The Foreign Account Tax Compliance Act (FATCA) obliges foreign firms to report offshore accounts belonging to US taxpayers that amount to more than $50,000. Critics say the bill further undermines the cherished Swiss banking secrecy laws.

2009: Switzerland’s biggest bank UBS agrees to turn over more than 4,450 client names and pay a $780 million fine after admitting to criminal wrongdoing in selling tax-evasion services to wealthy Americans.

July 2011: Second biggest bank, Credit Suisse, is under criminal investigation by US. The bank later makes a provision for a potential fine of CHF295 million.

February 2012: US justice department indicts Wegelin, Switzerland’s oldest private bank, on charges that it enabled wealthy Americans to evade taxes on at least $1.2 billion hidden in offshore accounts.

June 2012: US treasury department reaches a tentative agreement with Switzerland to help banks comply with US tax evasion regulations.

June 2012: Bank Julius Baer hands 2,500 employee names to US authorities in a bid to free itself from the tax probe, according to lawyers.

August 2012: Global bank HSBC hands over details of current and former employees to the US authorities.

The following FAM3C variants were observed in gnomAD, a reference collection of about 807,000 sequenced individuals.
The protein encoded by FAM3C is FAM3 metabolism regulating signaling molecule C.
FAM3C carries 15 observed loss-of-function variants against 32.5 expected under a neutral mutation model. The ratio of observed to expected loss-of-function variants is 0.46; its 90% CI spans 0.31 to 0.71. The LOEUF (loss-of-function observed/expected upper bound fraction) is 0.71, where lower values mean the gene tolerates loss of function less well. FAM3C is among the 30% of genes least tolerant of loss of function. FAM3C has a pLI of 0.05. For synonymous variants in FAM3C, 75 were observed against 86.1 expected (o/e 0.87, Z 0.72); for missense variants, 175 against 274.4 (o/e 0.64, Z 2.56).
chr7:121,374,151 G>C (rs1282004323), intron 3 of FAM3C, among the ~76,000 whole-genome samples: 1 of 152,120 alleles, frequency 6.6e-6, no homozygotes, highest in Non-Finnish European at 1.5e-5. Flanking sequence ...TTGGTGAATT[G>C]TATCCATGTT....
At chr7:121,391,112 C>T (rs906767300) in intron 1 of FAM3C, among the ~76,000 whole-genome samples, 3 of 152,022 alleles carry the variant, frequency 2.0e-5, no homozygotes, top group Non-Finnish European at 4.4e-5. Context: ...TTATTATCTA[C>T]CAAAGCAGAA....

November 2012: Private bank Pictet confirms it is also under investigation by the US.


December 2012: Two bankers and one former employee of Zürcher Kantonalbank charged by US, accused of helping US clients avoid taxes.


January 2013: Wegelin private bank shuts its doors, following a guilty plea to charges of helping wealthy Americans evade taxes through secret accounts. It agrees to pay nearly $58 million in fines on top of $16.3 million in forfeitures already obtained by the authorities.


May 2013: Swiss government presents bill to parliament that would let Swiss banks hand over internal information to US to avoid threatened criminal charges – though the banks still face fines likely to total billions of dollars.

The bill aims to save the banks from heavier punishment in the United States for helping wealthy tax cheats, by sidestepping its secrecy laws to let bankers disclose data to US prosecutors.

June 2013: Parliament begins discussions on banking deal.